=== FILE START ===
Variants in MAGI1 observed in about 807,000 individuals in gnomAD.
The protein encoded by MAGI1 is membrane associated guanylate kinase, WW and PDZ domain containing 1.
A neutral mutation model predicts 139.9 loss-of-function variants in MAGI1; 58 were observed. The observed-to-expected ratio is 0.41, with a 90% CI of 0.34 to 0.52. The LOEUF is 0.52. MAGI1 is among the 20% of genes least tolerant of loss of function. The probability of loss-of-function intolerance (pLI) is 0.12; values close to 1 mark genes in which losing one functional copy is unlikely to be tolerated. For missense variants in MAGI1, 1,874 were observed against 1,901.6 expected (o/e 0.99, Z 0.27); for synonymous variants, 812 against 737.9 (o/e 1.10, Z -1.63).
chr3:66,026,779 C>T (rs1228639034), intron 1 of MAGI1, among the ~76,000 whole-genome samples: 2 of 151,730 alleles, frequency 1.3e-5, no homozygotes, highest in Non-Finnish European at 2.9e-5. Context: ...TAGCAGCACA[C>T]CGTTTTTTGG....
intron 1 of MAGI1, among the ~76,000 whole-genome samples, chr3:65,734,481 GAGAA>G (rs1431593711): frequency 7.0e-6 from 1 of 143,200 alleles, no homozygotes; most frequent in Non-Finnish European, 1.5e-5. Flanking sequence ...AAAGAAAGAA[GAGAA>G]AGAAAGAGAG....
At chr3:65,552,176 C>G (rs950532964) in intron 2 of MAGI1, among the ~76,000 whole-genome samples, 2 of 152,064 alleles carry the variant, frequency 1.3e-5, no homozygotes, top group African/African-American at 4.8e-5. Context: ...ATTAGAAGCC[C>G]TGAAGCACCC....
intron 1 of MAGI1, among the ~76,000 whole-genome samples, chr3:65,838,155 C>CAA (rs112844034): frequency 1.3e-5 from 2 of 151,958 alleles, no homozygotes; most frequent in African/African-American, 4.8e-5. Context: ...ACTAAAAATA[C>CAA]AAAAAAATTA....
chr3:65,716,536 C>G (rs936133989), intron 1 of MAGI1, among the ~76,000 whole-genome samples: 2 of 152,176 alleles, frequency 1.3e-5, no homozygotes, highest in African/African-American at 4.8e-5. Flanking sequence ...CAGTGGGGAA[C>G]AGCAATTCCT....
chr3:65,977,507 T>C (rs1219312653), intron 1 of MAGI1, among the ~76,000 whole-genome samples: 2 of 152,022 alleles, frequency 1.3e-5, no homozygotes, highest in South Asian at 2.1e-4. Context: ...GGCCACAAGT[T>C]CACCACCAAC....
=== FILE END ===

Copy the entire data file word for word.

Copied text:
Variants in MAGI1 observed in about 807,000 individuals in gnomAD.
The protein encoded by MAGI1 is membrane associated guanylate kinase, WW and PDZ domain containing 1.
A neutral mutation model predicts 139.9 loss-of-function variants in MAGI1; 58 were observed. The observed-to-expected ratio is 0.41, with a 90% CI of 0.34 to 0.52. The LOEUF is 0.52. MAGI1 is among the 20% of genes least tolerant of loss of function. The probability of loss-of-function intolerance (pLI) is 0.12; values close to 1 mark genes in which losing one functional copy is unlikely to be tolerated. For missense variants in MAGI1, 1,874 were observed against 1,901.6 expected (o/e 0.99, Z 0.27); for synonymous variants, 812 against 737.9 (o/e 1.10, Z -1.63).
chr3:66,026,779 C>T (rs1228639034), intron 1 of MAGI1, among the ~76,000 whole-genome samples: 2 of 151,730 alleles, frequency 1.3e-5, no homozygotes, highest in Non-Finnish European at 2.9e-5. Context: ...TAGCAGCACA[C>T]CGTTTTTTGG....
intron 1 of MAGI1, among the ~76,000 whole-genome samples, chr3:65,734,481 GAGAA>G (rs1431593711): frequency 7.0e-6 from 1 of 143,200 alleles, no homozygotes; most frequent in Non-Finnish European, 1.5e-5. Flanking sequence ...AAAGAAAGAA[GAGAA>G]AGAAAGAGAG....
At chr3:65,552,176 C>G (rs950532964) in intron 2 of MAGI1, among the ~76,000 whole-genome samples, 2 of 152,064 alleles carry the variant, frequency 1.3e-5, no homozygotes, top group African/African-American at 4.8e-5. Context: ...ATTAGAAGCC[C>G]TGAAGCACCC....
intron 1 of MAGI1, among the ~76,000 whole-genome samples, chr3:65,838,155 C>CAA (rs112844034): frequency 1.3e-5 from 2 of 151,958 alleles, no homozygotes; most frequent in African/African-American, 4.8e-5. Context: ...ACTAAAAATA[C>CAA]AAAAAAATTA....
chr3:65,716,536 C>G (rs936133989), intron 1 of MAGI1, among the ~76,000 whole-genome samples: 2 of 152,176 alleles, frequency 1.3e-5, no homozygotes, highest in African/African-American at 4.8e-5. Flanking sequence ...CAGTGGGGAA[C>G]AGCAATTCCT....
chr3:65,977,507 T>C (rs1219312653), intron 1 of MAGI1, among the ~76,000 whole-genome samples: 2 of 152,022 alleles, frequency 1.3e-5, no homozygotes, highest in South Asian at 2.1e-4. Context: ...GGCCACAAGT[T>C]CACCACCAAC....